DAODEJING_44_pp_draft

DAODEJING_44_pp_draft - DAODEJING 44 INTERPRETING THE TEXT...

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DAODEJING 44 DAODEJING 44 INTERPRETING THE TEXT INTERPRETING THE TEXT
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What is the  Daodejing  asking when it asks, “Your name or your  body, which do you hold more dear? // Your body or your  property, which is of greater value?” (44) In the first line it  appears, if we take “name” to refer to reputation, and “body” to  refer to oneself, to be asking whether one’s reputation is of  greater value than who one is. The second line seems to be  asking if one’s property or possessions are more important than  oneself because, granted the  Daodejing’s  emphasis on living  simply, without desires, it makes no sense to think that these lines  could possibly be suggesting that desiring possessions or  reputation could be as important or valuable as one’s own self, we  might interpret these lines to be a recommendation to not get  carried away by desires for fame or riches, but rather, to nurture  and care for the self.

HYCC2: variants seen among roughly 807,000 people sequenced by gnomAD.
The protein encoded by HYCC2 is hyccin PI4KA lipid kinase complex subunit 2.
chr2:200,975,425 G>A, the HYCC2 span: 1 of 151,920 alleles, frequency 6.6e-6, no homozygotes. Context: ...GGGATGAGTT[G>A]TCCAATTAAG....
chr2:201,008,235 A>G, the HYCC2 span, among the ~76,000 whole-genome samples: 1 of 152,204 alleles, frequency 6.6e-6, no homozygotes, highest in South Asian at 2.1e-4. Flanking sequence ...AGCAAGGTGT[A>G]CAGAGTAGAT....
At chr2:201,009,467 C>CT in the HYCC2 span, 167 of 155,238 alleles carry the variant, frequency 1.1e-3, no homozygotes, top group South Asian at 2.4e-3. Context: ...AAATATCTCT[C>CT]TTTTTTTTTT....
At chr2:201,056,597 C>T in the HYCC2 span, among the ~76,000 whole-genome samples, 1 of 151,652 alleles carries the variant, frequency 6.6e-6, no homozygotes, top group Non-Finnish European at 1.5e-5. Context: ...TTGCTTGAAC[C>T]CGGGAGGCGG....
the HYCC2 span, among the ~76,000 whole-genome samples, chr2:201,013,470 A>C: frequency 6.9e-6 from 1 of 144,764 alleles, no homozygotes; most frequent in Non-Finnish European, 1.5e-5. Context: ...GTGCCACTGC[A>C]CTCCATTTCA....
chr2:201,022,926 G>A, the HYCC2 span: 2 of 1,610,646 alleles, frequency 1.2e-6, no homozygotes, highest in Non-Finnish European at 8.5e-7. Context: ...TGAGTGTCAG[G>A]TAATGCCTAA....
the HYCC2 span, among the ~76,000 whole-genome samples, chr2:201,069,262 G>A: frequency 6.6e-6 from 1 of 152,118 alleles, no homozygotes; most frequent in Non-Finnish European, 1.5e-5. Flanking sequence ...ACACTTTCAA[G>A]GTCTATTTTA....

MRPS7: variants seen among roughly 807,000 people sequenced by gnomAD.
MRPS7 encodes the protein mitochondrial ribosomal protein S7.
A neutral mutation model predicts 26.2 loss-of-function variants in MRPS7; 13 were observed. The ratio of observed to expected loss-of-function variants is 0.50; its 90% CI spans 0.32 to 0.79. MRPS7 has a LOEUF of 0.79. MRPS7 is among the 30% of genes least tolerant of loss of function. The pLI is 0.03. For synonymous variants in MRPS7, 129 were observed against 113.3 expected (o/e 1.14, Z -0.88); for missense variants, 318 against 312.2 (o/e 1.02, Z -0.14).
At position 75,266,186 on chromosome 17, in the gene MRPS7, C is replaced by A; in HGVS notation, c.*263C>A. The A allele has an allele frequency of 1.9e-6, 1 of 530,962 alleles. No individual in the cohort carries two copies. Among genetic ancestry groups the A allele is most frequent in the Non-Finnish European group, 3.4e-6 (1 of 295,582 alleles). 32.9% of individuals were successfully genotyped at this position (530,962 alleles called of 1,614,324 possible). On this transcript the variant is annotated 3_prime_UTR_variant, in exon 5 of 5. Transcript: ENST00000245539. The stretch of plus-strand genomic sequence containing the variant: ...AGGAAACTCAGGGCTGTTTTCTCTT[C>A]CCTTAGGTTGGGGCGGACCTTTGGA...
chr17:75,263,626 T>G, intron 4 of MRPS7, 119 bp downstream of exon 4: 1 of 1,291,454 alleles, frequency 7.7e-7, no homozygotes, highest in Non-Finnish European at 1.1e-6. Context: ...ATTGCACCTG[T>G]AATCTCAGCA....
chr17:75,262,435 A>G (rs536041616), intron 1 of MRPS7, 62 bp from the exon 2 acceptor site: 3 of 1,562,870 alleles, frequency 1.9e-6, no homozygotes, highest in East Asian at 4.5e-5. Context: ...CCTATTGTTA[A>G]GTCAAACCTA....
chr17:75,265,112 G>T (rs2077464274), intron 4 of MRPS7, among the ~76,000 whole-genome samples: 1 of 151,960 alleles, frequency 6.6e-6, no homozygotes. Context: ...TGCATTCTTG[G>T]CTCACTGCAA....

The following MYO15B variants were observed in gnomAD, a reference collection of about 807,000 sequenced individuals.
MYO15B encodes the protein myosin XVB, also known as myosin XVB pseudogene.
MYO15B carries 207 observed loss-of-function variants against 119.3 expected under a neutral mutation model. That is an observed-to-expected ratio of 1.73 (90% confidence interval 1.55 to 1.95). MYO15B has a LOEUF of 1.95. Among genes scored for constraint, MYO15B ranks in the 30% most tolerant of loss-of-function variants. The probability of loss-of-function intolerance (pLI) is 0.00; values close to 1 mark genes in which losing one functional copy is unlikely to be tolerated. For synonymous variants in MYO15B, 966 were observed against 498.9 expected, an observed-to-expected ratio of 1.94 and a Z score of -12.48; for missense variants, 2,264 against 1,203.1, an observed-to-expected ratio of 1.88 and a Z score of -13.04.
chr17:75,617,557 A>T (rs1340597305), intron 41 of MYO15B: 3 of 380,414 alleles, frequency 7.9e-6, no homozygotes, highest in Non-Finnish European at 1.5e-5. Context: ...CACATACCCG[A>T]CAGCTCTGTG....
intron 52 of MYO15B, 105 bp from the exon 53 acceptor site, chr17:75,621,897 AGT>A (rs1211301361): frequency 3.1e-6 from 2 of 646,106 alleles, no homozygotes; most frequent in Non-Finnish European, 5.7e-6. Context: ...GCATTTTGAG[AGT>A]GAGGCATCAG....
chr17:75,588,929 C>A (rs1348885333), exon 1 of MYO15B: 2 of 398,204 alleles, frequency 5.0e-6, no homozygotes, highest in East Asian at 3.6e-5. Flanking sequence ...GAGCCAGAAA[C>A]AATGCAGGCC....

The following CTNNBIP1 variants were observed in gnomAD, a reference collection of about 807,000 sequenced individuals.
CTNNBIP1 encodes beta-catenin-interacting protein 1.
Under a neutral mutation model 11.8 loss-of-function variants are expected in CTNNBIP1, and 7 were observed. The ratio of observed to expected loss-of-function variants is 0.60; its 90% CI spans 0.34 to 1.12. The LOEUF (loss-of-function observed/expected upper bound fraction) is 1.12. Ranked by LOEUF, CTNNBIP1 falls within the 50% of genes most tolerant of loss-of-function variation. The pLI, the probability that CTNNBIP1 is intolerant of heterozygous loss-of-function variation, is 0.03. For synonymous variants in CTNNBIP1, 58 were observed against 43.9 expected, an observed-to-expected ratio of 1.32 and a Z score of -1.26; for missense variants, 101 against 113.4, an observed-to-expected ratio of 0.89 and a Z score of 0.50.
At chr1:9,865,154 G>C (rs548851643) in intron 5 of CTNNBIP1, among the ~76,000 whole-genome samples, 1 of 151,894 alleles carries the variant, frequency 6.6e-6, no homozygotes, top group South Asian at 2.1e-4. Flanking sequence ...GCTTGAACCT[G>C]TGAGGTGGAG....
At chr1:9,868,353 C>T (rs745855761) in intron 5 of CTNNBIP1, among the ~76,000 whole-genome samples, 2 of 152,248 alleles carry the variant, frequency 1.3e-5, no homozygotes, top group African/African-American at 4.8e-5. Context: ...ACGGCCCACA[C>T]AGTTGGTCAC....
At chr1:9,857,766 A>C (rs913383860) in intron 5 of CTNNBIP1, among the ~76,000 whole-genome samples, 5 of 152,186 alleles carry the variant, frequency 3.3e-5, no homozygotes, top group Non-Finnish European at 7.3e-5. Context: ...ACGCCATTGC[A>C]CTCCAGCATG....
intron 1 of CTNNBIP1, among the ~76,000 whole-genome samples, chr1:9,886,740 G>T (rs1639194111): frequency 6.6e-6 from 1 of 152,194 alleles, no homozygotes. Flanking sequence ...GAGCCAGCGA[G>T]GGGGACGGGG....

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This interpretation is in accord with other  statements in the  Daodejing,  that “Those who  know themselves are enlightened,” “Those who  conquer themselves are strong,” and “Those who  know contentment are rich.” (33)
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This interpretation is also supported by the next line, which asks,  “Gain or loss, which is the greater calamity?” a question that  presupposes that not only losing fame or fortune is bad, but that  attaining them is also bad. Losing fame or fortune would be a  calamity from almost any perspective, but why would gaining fame  or fortune be a calamity from a Daoist perspective? The first two  lines provide some help here, because if we hold fame or fortune 
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DAODEJING_44_pp_draft - DAODEJING 44 INTERPRETING THE TEXT...

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